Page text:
When work can kill you: Report on Japan’s karoshi

The first white paper published by the Japan’s government on the phenomenon of “Karoshi” hit the headline this autumn by highlighting the extent to which overwork can affect your health.

The term karoshi refers to cases of death due to extremely long working hours. Two types of karoshi are officially recognised: death from cardiovascular illness linked to overwork, and suicide due to work-related mental stress.

Though the phenomenon entered the public debate since the late ‘80s, the report published this October is the first attempt by the government to shed light into its causes and mainstream working practices, and it comes as 2015 signals a record high of over 1400 compensation claims due to karoshi.

The report presents main finding from a survey conducted between December 2015 and January 2016, targeting 10,000 companies and collecting feedback from about 1,700 of them.


Main findings include:

  • About 21% of Japanese employees work at least 49 or more hours per week (as a reference, the average in US, UK, and France is between 10 and 15%.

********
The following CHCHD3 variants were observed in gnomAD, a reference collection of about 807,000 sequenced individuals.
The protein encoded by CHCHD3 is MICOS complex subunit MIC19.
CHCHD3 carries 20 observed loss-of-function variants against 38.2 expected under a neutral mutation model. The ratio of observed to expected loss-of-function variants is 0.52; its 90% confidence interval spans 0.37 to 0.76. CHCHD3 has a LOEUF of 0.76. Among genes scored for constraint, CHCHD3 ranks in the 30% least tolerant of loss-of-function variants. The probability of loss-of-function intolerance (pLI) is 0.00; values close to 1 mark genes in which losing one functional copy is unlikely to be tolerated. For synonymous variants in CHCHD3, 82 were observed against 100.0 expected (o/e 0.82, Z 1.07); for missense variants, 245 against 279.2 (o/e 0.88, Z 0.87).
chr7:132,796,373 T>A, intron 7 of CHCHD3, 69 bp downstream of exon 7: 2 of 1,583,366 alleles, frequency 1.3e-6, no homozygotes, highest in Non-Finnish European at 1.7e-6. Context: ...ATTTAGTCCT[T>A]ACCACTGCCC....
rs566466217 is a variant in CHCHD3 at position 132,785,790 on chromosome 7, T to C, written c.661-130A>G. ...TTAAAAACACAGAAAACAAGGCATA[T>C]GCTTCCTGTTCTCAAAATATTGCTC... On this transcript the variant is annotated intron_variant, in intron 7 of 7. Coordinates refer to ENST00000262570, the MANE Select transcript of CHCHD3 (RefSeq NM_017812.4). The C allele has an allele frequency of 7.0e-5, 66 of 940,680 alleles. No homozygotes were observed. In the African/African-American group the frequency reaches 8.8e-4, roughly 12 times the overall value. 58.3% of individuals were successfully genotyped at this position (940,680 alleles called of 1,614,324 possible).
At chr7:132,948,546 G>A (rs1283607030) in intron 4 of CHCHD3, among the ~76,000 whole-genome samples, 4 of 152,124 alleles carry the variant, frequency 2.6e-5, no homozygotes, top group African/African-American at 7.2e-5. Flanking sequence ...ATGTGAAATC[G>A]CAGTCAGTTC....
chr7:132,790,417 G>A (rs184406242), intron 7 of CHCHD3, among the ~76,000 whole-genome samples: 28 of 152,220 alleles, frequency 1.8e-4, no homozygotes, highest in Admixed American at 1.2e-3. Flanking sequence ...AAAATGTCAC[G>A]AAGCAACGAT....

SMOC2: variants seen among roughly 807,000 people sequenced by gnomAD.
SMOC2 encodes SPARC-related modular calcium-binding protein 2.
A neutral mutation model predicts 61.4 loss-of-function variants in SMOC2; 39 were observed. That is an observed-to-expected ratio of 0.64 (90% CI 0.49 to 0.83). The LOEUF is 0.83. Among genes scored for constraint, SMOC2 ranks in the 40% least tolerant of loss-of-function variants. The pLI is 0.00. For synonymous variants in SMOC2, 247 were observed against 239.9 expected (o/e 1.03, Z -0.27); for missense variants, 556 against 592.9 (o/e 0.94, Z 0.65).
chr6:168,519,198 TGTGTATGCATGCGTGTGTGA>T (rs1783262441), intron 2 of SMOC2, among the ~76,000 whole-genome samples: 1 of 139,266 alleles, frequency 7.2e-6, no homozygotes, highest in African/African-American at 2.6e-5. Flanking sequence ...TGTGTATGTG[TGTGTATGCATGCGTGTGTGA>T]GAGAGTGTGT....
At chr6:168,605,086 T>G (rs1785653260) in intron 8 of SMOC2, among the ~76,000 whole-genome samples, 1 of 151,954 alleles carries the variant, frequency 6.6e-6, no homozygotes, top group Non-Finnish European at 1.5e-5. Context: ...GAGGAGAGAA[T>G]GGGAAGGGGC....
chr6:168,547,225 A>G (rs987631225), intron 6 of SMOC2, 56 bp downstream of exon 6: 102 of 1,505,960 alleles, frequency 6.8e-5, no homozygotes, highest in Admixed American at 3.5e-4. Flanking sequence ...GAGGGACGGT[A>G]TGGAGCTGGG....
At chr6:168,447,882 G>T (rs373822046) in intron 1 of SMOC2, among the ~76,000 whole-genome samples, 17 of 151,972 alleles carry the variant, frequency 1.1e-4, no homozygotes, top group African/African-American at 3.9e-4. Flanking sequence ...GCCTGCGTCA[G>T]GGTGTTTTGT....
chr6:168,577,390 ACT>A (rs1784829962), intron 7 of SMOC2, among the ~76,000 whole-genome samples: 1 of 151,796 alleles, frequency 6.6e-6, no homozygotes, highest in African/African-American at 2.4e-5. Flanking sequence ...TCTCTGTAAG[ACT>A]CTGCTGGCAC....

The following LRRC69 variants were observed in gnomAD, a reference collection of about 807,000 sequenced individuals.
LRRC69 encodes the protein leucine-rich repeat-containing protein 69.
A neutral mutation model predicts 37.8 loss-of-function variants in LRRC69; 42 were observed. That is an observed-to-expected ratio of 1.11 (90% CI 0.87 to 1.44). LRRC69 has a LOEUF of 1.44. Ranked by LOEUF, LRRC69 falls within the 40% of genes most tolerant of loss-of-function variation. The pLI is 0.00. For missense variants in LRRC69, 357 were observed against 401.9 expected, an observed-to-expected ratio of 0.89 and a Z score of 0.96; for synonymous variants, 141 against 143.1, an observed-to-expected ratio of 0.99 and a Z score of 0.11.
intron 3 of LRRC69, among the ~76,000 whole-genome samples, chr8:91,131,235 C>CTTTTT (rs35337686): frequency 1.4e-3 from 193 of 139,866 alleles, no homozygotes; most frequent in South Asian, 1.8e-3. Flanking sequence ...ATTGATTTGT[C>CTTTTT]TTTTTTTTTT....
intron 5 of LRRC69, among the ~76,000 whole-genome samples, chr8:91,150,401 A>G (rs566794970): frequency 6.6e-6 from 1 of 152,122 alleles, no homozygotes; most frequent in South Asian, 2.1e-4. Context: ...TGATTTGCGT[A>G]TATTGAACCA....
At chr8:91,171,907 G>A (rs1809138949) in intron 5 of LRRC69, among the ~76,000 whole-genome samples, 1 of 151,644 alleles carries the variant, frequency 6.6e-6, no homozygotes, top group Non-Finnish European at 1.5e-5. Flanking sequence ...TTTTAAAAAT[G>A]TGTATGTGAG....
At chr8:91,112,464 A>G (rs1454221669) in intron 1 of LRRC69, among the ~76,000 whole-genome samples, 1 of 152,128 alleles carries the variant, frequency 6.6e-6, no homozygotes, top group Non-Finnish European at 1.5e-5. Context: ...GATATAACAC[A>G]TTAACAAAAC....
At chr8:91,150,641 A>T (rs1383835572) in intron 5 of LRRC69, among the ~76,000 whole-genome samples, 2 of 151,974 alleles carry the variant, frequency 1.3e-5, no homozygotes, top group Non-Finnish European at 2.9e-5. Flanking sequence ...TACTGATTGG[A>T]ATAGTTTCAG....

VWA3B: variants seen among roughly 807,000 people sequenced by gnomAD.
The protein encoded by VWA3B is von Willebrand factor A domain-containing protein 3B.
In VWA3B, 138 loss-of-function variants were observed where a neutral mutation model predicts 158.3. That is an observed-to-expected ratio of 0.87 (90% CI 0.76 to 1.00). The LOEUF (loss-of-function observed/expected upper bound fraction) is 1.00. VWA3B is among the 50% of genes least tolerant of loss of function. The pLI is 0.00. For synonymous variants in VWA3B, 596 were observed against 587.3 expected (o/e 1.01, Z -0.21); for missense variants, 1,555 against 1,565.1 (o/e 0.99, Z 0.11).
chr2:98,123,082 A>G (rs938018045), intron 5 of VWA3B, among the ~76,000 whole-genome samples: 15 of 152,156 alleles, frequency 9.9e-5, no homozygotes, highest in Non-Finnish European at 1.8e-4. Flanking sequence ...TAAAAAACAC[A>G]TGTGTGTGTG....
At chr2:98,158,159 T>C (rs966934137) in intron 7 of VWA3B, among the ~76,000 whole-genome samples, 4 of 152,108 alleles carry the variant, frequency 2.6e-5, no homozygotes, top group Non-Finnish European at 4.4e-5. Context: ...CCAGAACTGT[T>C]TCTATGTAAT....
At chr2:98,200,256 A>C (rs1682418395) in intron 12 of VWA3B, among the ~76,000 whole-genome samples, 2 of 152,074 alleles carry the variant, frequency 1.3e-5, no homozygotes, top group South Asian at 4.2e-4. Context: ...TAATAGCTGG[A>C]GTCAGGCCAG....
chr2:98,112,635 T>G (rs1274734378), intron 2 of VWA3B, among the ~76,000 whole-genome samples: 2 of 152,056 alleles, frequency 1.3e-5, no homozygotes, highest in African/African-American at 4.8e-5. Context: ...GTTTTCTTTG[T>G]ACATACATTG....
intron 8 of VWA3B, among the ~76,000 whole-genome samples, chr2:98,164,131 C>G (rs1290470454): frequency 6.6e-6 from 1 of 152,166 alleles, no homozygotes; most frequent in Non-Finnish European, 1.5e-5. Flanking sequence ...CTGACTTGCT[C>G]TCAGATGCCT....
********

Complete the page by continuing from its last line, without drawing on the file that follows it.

•  22.7% (a fifth) of companies surveyed acknowledged they had staff working more than 80 hours of overtime per month (which is the official threshold after which risk of death from cardiovascular diseases and other problems escalates dramatically).
  •  11% of companies surveyed reported to have staff working more than 100 hours of extra time per month.
  • Looking at industry sectors, the IT sector has the highest percentage of overworking staff (44%), followed by academic, research and engineering (40.5%),  transport and postal services (38.4%).

The government is looking into structural reforms to the labour market with a panel headed by Prime Minister Shinzo Abe. Among the targets, is the goal of lowering the percentage of employees working more than 60 hours a week to 5% of the total workforce.

Sources: The Japan Times